The water temple was built as a getaway for the Sultan, a place to relax and unwind (also used occasionally as a hiding place). The gardens held fragrant flowers, and a bathing pool with fountains and areas for musicians and dancers was constructed in the center of the bathing complex. Beautiful young ladies once frolicked in the blue waters of the main pool, among the mushroom-shaped fountains. We could imagine their laughter echoing off of the cool, stone walls while the Sultan watched from a hidden chamber above. After careful observation, the Sultan sometimes chose a girl to ultimately become one of his wives. The Sultan’s own bathing area is in another section of the complex, as well as a bathing pool for the royal children. The wider complex, not developed for tourism, included two artificial lakes with buildings on them, and an underground tunnel, once used as passage for the royal family. At least one tunnel can still be accessed. Guides are very available around the entrance, and while informative, the story you get about the history may vary a bit from one guide to another.
UNESCO World Heritage site Borobudur Temple is one of the most recognizable Buddhist temples in Indonesia, and one of the most visited historical sites in the country. Building was completed in 824, and reflects Indian influence in Indonesia. The temple is a pilgrimage site and a place of prayer and meditation. It’s best to arrive early in the morning, for sunrise. When we visited, the mists hanging over the jungle and the lack of crowds set just this kind of reflective mood for us. Borobudur is over a hundred feet tall, with ten levels, or terraces, each representing a stage of human development. The Buddha statues are on the upper levels facing westward, and any human who hopes to reach this space, must pass through all the other levels first. Each level has hundreds of relief panels, intricate carvings to study and marvel at, which we did at length. On the highest level are bell-shaped stone enclosures (stupa), each with a carved stone Buddha inside.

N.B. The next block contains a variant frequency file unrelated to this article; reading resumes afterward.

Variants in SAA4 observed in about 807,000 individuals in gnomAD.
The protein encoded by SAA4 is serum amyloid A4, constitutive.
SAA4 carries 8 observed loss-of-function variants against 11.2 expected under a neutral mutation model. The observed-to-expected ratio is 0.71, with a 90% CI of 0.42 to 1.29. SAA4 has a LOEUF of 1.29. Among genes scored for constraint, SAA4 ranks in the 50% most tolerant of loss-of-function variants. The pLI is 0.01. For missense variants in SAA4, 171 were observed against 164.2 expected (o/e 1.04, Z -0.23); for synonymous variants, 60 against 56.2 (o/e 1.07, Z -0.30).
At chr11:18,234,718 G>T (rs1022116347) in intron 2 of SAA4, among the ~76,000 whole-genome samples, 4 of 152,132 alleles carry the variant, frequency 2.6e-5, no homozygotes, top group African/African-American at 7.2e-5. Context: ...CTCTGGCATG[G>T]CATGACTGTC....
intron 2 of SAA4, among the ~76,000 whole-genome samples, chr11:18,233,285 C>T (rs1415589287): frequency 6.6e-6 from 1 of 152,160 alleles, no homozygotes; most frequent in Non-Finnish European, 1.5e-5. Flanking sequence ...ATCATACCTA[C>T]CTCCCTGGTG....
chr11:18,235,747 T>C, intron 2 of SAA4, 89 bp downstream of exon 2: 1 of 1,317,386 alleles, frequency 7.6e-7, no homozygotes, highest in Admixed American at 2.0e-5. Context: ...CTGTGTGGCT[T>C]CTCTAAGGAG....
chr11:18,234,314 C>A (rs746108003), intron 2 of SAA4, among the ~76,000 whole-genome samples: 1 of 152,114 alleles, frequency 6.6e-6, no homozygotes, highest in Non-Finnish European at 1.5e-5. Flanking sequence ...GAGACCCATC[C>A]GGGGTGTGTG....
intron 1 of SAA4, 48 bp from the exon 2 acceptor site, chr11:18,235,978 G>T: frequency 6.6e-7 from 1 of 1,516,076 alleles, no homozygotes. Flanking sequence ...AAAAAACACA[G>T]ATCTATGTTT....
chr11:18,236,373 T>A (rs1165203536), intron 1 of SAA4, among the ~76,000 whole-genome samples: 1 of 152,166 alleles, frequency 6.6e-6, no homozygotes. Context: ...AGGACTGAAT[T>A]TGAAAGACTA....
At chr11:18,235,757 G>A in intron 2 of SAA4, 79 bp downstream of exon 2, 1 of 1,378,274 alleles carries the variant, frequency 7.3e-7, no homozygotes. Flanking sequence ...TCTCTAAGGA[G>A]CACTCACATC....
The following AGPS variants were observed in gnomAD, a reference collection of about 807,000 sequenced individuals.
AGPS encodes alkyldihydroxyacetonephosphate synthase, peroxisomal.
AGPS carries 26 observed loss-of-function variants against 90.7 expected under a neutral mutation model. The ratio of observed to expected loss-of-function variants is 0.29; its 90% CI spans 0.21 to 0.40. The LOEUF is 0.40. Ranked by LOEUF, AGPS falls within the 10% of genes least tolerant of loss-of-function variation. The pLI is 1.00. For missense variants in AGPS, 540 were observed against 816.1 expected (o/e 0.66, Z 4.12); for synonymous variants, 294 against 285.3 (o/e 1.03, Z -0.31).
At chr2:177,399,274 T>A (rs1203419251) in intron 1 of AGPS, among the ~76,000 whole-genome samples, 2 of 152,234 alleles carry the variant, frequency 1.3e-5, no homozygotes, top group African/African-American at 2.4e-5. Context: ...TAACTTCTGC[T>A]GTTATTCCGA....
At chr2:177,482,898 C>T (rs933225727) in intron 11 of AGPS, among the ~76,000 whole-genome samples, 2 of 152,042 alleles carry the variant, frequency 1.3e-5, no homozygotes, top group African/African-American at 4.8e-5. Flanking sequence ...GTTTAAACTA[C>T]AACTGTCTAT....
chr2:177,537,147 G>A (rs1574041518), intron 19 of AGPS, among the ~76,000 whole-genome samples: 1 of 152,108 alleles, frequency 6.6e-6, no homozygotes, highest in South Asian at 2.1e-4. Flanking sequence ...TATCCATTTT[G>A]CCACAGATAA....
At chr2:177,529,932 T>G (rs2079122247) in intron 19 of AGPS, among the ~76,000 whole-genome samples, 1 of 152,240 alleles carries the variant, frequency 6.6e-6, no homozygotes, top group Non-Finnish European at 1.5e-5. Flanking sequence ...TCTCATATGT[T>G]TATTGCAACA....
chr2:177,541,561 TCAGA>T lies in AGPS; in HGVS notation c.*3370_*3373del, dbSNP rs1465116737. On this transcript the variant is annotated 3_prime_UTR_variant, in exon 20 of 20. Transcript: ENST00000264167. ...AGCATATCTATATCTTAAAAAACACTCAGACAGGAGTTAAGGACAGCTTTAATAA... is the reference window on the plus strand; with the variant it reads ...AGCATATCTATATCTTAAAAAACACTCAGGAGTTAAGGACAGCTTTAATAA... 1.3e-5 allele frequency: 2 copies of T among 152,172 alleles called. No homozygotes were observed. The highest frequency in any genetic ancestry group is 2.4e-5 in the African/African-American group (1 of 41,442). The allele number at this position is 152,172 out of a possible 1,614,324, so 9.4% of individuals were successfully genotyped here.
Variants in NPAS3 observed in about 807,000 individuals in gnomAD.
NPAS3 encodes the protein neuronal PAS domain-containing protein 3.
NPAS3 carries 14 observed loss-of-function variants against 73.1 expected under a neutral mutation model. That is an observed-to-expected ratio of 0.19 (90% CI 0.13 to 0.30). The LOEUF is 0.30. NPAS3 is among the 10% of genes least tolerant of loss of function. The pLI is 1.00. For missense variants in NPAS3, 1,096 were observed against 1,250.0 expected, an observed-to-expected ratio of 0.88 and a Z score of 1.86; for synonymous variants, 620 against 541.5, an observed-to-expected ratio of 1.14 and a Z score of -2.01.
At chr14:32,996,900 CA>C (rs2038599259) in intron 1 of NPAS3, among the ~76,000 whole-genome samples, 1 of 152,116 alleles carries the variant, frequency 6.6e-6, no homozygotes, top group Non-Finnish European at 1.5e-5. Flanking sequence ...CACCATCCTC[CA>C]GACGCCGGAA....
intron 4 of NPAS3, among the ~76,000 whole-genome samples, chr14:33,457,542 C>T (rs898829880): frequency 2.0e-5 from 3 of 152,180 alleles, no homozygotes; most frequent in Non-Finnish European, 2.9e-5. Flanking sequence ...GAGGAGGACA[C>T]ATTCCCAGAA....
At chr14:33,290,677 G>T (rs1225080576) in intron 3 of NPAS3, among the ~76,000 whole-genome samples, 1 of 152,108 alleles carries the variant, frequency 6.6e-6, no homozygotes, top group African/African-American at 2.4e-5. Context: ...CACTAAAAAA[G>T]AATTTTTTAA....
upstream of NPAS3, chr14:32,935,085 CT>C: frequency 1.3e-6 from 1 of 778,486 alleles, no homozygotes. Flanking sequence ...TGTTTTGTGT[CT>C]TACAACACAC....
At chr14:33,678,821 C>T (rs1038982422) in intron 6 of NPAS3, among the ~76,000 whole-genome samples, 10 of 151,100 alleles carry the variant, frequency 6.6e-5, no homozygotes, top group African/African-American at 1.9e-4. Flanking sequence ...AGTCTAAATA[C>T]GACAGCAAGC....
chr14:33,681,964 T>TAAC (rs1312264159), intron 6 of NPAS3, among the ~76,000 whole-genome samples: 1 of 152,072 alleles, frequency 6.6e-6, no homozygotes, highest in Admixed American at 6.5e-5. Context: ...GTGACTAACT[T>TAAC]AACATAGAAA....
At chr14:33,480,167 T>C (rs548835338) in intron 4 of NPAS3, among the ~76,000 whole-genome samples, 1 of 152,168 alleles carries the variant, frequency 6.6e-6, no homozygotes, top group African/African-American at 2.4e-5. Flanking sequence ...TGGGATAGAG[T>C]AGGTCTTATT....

Constructed during the 10th Century, Prambanan is a gorgeous Hindu temple, surrounded by sprawling grounds and gardens. The complex suffered serious damage in the earthquake of 2006, but is slowly being assessed and repaired. The three main temples in the primary yard are dedicated to the Hindu deities Shiva, Brahma and Vishnu. Many of the reliefs on these towers depict the story of Rama. Though we weren’t able to attend, the Ramayana Ballet held here in the evenings is one of the best-known and respected performances. The show, performed on a large, open-air stage with the temple in the background, tells the epic story of Rama’s journey to rescue his abducted love. Down the road, you can now visit a number of other, less-developed temples. There was no one else around while we wandered the Sewu Buddhist temple (249 buildings arranged in a Mandala pattern around the central structure), which has some very well-preserved guardian statues. The earthquake damage was clear: it looked like thousands of puzzle pieces, just waiting to be put back together. The entire Prambanan complex has been designated a UNESCO World Heritage site.